Lauren Berger’s completion of 15 internships in college seemed to have paid off.
She has been featured on the Today Show, Fox & Friends and Bloomberg.com, placed fifth on BusinessWeek’s annual list of entrepreneurs age 25 and under and was listed among Mobile Youth’s Top 10 Youth Marketing Minds of 2010.
Berger, known as the “Intern Queen,” is the CEO of InternQueen.com and came out with a book in January called All Work, No Pay. Her website helps direct students to the world of interning and also gives advice on how to make it through the interning process.
All Work, No Pay was inspired by Berger because she was always looking for a book that could just help her in the internship world, Berger said.
“All I wanted was someone who has been there and done that and to hold my hand and give me advice — and that book did not exist. I feel that All Work, No Pay really filled the void in the marketplace. There hasn’t been a great resource until this book. The book is very personal. The book is about me opening up and sharing my internship journey with the world, and through that journey I’m teaching the students what I learned through my mistakes. The purpose of the book is to help students find, land and make the most of their internship opportunities,” said Berger.
While going through her four years of college, Berger was involved in 15 internships.
“It was definitely challenging, but I really believe that with the right time management skills and focus, you can accomplish whatever you need to accomplish,” she said
In school, she was a full-time student, worked a part-time job and participated in unpaid internships.
“Most of my internships required 12 to 15 hours per week, so I was able to kind of stack my classes all on certain days and intern on other days. I found that prioritizing was very important,” Berger said.
As crazy as her schedule seemed to be, she always reminds students that she is not a superhero, and if she can take on this type of schedule, then anyone can.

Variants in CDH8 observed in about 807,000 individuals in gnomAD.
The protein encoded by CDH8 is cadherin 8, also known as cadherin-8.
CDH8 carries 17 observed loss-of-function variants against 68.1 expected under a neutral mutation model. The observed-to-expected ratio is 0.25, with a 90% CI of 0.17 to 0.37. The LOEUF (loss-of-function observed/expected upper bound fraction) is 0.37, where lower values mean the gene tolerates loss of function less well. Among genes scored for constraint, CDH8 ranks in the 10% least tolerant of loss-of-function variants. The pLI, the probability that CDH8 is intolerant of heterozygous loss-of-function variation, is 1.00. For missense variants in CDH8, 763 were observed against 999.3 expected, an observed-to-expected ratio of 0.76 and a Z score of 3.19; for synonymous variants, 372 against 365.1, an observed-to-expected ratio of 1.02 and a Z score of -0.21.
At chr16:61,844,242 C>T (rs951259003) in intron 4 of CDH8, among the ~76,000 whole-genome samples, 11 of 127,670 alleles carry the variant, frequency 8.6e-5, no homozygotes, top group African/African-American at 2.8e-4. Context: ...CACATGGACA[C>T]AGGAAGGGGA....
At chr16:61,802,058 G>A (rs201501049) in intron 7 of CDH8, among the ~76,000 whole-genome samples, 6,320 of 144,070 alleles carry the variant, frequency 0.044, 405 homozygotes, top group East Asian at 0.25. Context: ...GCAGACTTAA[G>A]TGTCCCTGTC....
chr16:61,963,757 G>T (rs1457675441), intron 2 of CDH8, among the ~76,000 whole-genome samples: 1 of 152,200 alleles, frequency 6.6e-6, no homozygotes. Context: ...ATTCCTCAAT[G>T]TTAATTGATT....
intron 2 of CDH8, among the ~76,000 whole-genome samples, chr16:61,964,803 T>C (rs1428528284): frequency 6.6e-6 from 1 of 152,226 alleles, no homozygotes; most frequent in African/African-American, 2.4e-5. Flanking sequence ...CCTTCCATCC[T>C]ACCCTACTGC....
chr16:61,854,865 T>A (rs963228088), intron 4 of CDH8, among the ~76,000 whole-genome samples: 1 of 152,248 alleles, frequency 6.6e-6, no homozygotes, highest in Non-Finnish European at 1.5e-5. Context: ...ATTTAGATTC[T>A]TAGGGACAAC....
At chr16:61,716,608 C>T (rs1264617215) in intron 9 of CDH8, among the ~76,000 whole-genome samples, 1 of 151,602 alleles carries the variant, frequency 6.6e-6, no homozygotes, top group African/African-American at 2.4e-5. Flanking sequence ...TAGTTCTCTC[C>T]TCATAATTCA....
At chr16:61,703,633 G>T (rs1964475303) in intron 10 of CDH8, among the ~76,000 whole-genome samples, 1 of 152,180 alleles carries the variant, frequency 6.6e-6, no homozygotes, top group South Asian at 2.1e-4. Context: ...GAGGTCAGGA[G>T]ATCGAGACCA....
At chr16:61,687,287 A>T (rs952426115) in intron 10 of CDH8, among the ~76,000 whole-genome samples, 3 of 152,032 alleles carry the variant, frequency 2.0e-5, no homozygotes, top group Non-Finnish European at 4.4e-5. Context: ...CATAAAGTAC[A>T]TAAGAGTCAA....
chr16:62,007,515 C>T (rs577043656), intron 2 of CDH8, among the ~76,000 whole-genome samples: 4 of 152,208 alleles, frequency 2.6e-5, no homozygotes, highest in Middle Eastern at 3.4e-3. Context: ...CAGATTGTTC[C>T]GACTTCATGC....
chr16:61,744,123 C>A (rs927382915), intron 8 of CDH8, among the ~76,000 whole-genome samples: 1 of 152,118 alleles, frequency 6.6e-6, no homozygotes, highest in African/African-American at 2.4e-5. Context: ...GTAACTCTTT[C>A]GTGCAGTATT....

“There is no reason why I could do this and the average student couldn’t follow in my footsteps. Again, it’s all about time management,” Berger said.
Although Berger was unique by taking on so many internships, it helped her build a future and motivate her as a person. These internships really inspired her and helped her look forward to her career.
As much as these internships inspired her, it came with some hardships.
“The hardest thing about my entire internship journey was learning how to deal with rejection,” Berger said.
She said that she had tweeted earlier in the day, “Repeat after me … Rejection is going to happen, get over it.”
“When I was going through the process (of finding an internship), I really needed someone to yell that at me and give me that encouragement and motivation, because when you’re applying to all these internships, I was applying for all these very competitive, high-level internships and getting rejected all the time. So yes, I ended up with 15 internships, but I was probably rejected from hundreds of internships — trying to get to the ones I wanted. I am just as vulnerable as anybody else. Rejection hurts,” said Berger.
Rejection through internships really helped Berger with rejection in her professional and personal life in a better way. “We all get rejected, so let’s take a deep breath and move forward,” she said.
Internships are very important, not only according to Berger, but to Jim Case, director of the Career Center at CSUF, as well.
“Internships have become the method of choice to select candidates by a large number of employers,” said Case.
There are many things the Career Center on campus can do for students. The one thing the Career Center does for a student is helping them find a job.
“Finding a job is a process, and one of the most critical parts of the job-search process is preparation, so they are closely integrated,” Case said.
Students can feel weighed down with the thought of both interning and attending school. For Victoria Alvarado, a sociology major, interning is important, but still very unknown.
“It’s really important to get an internship, at least it is for me. I’m just nervous because I’m not sure what route to take as far as working and using my degree, but that is what interning is all about … figuring this stuff out,” said Alvarado.
That is what interning did for Berger. That’s why she wants to help as many students as she can. But where does Berger see her self down the road?
“I’m trying to be the Rachel Ray of the internship career space,” Berger said.
Berger earned her degree in organizational business communications. She interned for companies such as MTV, FOX and NBC. For more information, visit InternQueen.com